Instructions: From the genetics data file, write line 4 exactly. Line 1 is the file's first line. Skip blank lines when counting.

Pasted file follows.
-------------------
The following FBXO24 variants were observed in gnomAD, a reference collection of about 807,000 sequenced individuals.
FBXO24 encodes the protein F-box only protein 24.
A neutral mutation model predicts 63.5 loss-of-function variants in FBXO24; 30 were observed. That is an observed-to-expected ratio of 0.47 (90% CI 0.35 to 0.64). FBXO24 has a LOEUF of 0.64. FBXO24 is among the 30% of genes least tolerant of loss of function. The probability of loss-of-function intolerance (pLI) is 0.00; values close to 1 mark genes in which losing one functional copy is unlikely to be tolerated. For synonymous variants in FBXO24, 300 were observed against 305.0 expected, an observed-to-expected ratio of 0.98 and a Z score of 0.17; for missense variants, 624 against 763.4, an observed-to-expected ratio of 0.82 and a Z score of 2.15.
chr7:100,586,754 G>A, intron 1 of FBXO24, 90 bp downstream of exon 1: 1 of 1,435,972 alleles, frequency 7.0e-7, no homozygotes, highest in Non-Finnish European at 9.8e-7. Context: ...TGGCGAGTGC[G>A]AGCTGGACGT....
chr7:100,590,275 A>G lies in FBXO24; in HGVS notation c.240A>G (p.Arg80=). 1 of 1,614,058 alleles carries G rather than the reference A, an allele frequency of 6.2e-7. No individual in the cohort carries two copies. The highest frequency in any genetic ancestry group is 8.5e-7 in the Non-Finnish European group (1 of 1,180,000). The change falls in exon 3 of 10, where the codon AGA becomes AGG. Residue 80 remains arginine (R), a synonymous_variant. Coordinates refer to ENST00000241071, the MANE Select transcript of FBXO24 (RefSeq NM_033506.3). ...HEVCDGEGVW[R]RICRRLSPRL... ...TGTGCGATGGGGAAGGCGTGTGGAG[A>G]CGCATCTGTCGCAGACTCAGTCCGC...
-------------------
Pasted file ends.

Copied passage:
chr7:100,586,754 G>A, intron 1 of FBXO24, 90 bp downstream of exon 1: 1 of 1,435,972 alleles, frequency 7.0e-7, no homozygotes, highest in Non-Finnish European at 9.8e-7. Context: ...TGGCGAGTGC[G>A]AGCTGGACGT....